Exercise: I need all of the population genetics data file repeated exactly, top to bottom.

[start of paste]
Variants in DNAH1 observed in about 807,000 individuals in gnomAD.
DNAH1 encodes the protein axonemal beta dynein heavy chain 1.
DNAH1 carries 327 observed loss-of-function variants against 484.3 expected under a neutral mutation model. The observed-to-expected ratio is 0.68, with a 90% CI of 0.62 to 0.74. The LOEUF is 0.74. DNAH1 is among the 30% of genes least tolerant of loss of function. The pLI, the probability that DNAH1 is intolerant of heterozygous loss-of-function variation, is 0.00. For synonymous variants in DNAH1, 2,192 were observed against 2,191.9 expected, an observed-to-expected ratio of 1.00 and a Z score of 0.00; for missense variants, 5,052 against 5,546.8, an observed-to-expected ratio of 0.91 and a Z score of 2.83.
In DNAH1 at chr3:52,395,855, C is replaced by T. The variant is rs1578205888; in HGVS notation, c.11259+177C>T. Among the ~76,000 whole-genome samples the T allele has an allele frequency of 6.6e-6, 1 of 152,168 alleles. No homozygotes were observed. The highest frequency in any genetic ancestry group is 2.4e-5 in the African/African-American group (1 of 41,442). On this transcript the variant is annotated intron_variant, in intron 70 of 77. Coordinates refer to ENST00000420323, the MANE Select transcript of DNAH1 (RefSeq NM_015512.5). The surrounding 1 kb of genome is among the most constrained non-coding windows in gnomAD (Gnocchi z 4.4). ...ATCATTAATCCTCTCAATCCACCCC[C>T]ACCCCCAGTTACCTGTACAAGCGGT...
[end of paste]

Variants in DNAH1 observed in about 807,000 individuals in gnomAD.
DNAH1 encodes the protein axonemal beta dynein heavy chain 1.
DNAH1 carries 327 observed loss-of-function variants against 484.3 expected under a neutral mutation model. The observed-to-expected ratio is 0.68, with a 90% CI of 0.62 to 0.74. The LOEUF is 0.74. DNAH1 is among the 30% of genes least tolerant of loss of function. The pLI, the probability that DNAH1 is intolerant of heterozygous loss-of-function variation, is 0.00. For synonymous variants in DNAH1, 2,192 were observed against 2,191.9 expected, an observed-to-expected ratio of 1.00 and a Z score of 0.00; for missense variants, 5,052 against 5,546.8, an observed-to-expected ratio of 0.91 and a Z score of 2.83.
In DNAH1 at chr3:52,395,855, C is replaced by T. The variant is rs1578205888; in HGVS notation, c.11259+177C>T. Among the ~76,000 whole-genome samples the T allele has an allele frequency of 6.6e-6, 1 of 152,168 alleles. No homozygotes were observed. The highest frequency in any genetic ancestry group is 2.4e-5 in the African/African-American group (1 of 41,442). On this transcript the variant is annotated intron_variant, in intron 70 of 77. Coordinates refer to ENST00000420323, the MANE Select transcript of DNAH1 (RefSeq NM_015512.5). The surrounding 1 kb of genome is among the most constrained non-coding windows in gnomAD (Gnocchi z 4.4). ...ATCATTAATCCTCTCAATCCACCCC[C>T]ACCCCCAGTTACCTGTACAAGCGGT...